Good Morning, Ladies and Gentlemen.
I would like to express my thanks and appreciation for inviting me to this symposium and to the Institute of Energy Economics of Japan for organizing this business gathering ahead of the International Energy Forum. It is always a delight to visit Japan, reminding me of our two nations' common desire to develop strong relations in all fields.
For many years, Japan's investments in oil and petrochemical projects in Saudi Arabia have contributed to the growth and diversification of our economy. Likewise, the Kingdom's exports of crude oil and LPG to this country have contributed to the energy security of Japan and fueled expansion to help attain its highly influential ranking among the world's industrial powers. So we are brothers in the desire to advance our respective nations' economic as well as political and cultural identities, at the same time aware that leadership in any field carries both challenges and responsibilities.
I greatly respect Japan for its role in furthering the dialogue between energy producers and consumers and between governments and industry. This symposium and convening of the Eighth International Energy Forum in the next two days are manifestations of its leading role in world energy affairs.
With your indulgence, my remarks today will center on the reaffirmation of Saudi Arabia's long-standing energy policies. This is necessary, I believe, because recent world events and oil market conditions have seemed to create some confusion as to our standing in the global energy scene and our commitments to a stable world oil market and to supply security, regardless of political uncertainties anywhere on the globe.
This confusion and misinformation about the role of Saudi Arabia has unfortunately been widely disseminated in published articles, some policy statements and reports in the mass media of some consuming countries in the past few months. Articles that speak of some coming energy battle between Saudi Arabia and Russia, or statements about the reliability of Saudi Arabia as an oil exporter, or media reports about the perceived dangers of reliance on Middle East oil, are just manifestations of either confusion or outright misinformation about the realities of the oil market and the stand and record of Saudi Arabia in that market.
Our energy policies in Saudi Arabia emanate from our global oil role in terms of reserves, production and exports. They emanate also from the role of the oil sector in our economy and rest on the underlying philosophy of our economic development that is of open and free market. Therefore, our energy policies whether in domestic or the international arenas are guided by the long lifetime of our reserves, our continued role in world oil trade and our endeavor to diversify our economy. We have acted upon such pillars over the years.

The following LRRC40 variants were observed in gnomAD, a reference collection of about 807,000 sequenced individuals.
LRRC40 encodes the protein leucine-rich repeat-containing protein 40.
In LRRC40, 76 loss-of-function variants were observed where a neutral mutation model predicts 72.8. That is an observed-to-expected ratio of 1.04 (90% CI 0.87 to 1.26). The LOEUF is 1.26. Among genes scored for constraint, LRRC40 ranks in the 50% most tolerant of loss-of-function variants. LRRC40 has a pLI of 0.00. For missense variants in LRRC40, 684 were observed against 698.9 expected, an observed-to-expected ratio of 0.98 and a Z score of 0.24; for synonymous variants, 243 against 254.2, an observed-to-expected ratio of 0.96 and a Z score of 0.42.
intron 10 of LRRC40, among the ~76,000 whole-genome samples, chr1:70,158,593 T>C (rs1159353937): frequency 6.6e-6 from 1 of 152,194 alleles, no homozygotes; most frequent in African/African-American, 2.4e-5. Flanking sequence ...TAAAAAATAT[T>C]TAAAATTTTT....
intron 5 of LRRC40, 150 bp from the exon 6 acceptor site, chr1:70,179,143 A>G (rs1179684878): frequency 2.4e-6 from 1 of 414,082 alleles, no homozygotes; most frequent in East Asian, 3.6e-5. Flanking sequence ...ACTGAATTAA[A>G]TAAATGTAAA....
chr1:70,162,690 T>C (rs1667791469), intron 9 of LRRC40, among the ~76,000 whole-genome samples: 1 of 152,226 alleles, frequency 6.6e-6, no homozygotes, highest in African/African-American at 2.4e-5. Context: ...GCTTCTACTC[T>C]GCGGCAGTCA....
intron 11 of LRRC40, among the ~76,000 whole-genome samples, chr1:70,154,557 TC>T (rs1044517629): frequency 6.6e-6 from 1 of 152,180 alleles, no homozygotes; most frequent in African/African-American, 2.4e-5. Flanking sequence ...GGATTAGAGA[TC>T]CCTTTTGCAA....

As the world's premier producer and exporter of crude oil, Saudi Arabia does have a vested interest in the affairs of this industry, and is concerned that misinformation is only adding to the current anxieties. To assuage any doubts about our position, I would like to review the Kingdom's approach to our key policies and hopefully lay to rest the non-issues.
Saudi Arabia has long recognized its prominent role as a world oil supplier. This role has two important implications: one is to afford strength in and stability to the world oil market, and the other is to provide an economic base for our own domestic growth. Both must operate in tandem. Nevertheless, the abundance of our petroleum reserves and our capacity to serve the global market place special expectations on Saudi Arabia.
Let me discuss this unique role in light of the current confusion. Oil, liked any commodity, follows the laws of supply and demand. Were it not so, there would be no active trading market nor competition among the thousands of producers, wholesalers and retailers operating worldwide. That any single entity - whether nation or organization - can control the price of oil is erroneous. Their influence at best can only support a scenario of fairness, realistically balanced between both consumers and producers.
That has long been our position in Saudi Arabia. While there is competition in the marketplace among all producers - inside and outside OPEC - we believe there is room for everyone. Unfortunately, collusion is often mistaken for cooperation when major oil-producing nations respond to precarious market conditions and coordinate policies when the market fails to maintain equilibrium on its own.
We view our relation with non-OPEC producers, including Russia and the Caspian nations like Kazakhstan, within this context. They currently supplement, not supersede, existing world oil supplies and are not fundamentally altering the world's energy landscape. Normal demand growth has absorbed the approximately 18 million barrels per day of non-OPEC oil over the past 25 years.
The market's ability to accommodate new production is encouraging, as is the prospect of closing ranks between OPEC and non-OPEC producers to avert market volatility and assure stability. OPEC still holds about two-thirds of global oil reserves, moves half the exports and maintains the bulk of the world's spare production capacity. Even so, the emergence of substantial new reserves from Central Asia is not seen as a threat but as further hope that future world economic health can depend on petroleum as a pre-eminent energy source. I believe there will be more common ground found between the ultimate major producers. We in Saudi Arabia have always consulted and coordinated our policies with the major non-OPEC producers and will continue to do so not paying attention to those who would like to create a wedge between us and other important oil and gas producers.
Ladies and Gentlemen: